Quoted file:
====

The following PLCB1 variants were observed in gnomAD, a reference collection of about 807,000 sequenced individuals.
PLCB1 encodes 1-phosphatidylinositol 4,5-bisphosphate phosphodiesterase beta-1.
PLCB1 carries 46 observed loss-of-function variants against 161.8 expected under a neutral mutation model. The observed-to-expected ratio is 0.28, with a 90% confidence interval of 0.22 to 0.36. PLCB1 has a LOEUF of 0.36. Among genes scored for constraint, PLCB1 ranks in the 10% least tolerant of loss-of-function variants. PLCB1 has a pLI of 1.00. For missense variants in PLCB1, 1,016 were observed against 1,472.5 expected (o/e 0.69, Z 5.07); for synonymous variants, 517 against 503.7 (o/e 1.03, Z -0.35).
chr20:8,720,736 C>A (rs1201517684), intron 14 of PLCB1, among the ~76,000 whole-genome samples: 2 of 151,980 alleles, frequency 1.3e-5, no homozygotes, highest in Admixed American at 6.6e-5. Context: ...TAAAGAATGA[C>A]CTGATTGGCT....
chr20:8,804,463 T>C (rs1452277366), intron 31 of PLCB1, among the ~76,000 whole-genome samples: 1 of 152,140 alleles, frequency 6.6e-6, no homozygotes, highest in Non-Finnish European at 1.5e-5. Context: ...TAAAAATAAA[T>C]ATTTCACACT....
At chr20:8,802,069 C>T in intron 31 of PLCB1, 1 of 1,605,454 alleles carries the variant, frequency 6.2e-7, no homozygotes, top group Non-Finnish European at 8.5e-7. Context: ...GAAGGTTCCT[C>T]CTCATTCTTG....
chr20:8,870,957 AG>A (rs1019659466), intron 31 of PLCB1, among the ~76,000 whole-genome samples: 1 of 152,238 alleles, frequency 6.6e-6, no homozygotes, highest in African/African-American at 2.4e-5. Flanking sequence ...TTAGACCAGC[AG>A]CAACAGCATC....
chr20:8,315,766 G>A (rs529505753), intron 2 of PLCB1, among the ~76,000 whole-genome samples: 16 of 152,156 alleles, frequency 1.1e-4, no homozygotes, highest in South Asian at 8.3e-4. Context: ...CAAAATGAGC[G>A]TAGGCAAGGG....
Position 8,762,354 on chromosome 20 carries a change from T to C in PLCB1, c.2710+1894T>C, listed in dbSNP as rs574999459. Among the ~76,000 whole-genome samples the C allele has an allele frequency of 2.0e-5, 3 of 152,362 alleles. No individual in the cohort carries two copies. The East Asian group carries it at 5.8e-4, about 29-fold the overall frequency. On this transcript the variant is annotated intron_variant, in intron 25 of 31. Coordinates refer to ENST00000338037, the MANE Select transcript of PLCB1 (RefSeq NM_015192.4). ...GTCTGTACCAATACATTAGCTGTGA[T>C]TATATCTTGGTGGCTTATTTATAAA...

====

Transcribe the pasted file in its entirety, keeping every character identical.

The following PLCB1 variants were observed in gnomAD, a reference collection of about 807,000 sequenced individuals.
PLCB1 encodes 1-phosphatidylinositol 4,5-bisphosphate phosphodiesterase beta-1.
PLCB1 carries 46 observed loss-of-function variants against 161.8 expected under a neutral mutation model. The observed-to-expected ratio is 0.28, with a 90% confidence interval of 0.22 to 0.36. PLCB1 has a LOEUF of 0.36. Among genes scored for constraint, PLCB1 ranks in the 10% least tolerant of loss-of-function variants. PLCB1 has a pLI of 1.00. For missense variants in PLCB1, 1,016 were observed against 1,472.5 expected (o/e 0.69, Z 5.07); for synonymous variants, 517 against 503.7 (o/e 1.03, Z -0.35).
chr20:8,720,736 C>A (rs1201517684), intron 14 of PLCB1, among the ~76,000 whole-genome samples: 2 of 151,980 alleles, frequency 1.3e-5, no homozygotes, highest in Admixed American at 6.6e-5. Context: ...TAAAGAATGA[C>A]CTGATTGGCT....
chr20:8,804,463 T>C (rs1452277366), intron 31 of PLCB1, among the ~76,000 whole-genome samples: 1 of 152,140 alleles, frequency 6.6e-6, no homozygotes, highest in Non-Finnish European at 1.5e-5. Context: ...TAAAAATAAA[T>C]ATTTCACACT....
At chr20:8,802,069 C>T in intron 31 of PLCB1, 1 of 1,605,454 alleles carries the variant, frequency 6.2e-7, no homozygotes, top group Non-Finnish European at 8.5e-7. Context: ...GAAGGTTCCT[C>T]CTCATTCTTG....
chr20:8,870,957 AG>A (rs1019659466), intron 31 of PLCB1, among the ~76,000 whole-genome samples: 1 of 152,238 alleles, frequency 6.6e-6, no homozygotes, highest in African/African-American at 2.4e-5. Flanking sequence ...TTAGACCAGC[AG>A]CAACAGCATC....
chr20:8,315,766 G>A (rs529505753), intron 2 of PLCB1, among the ~76,000 whole-genome samples: 16 of 152,156 alleles, frequency 1.1e-4, no homozygotes, highest in South Asian at 8.3e-4. Context: ...CAAAATGAGC[G>A]TAGGCAAGGG....
Position 8,762,354 on chromosome 20 carries a change from T to C in PLCB1, c.2710+1894T>C, listed in dbSNP as rs574999459. Among the ~76,000 whole-genome samples the C allele has an allele frequency of 2.0e-5, 3 of 152,362 alleles. No individual in the cohort carries two copies. The East Asian group carries it at 5.8e-4, about 29-fold the overall frequency. On this transcript the variant is annotated intron_variant, in intron 25 of 31. Coordinates refer to ENST00000338037, the MANE Select transcript of PLCB1 (RefSeq NM_015192.4). ...GTCTGTACCAATACATTAGCTGTGA[T>C]TATATCTTGGTGGCTTATTTATAAA...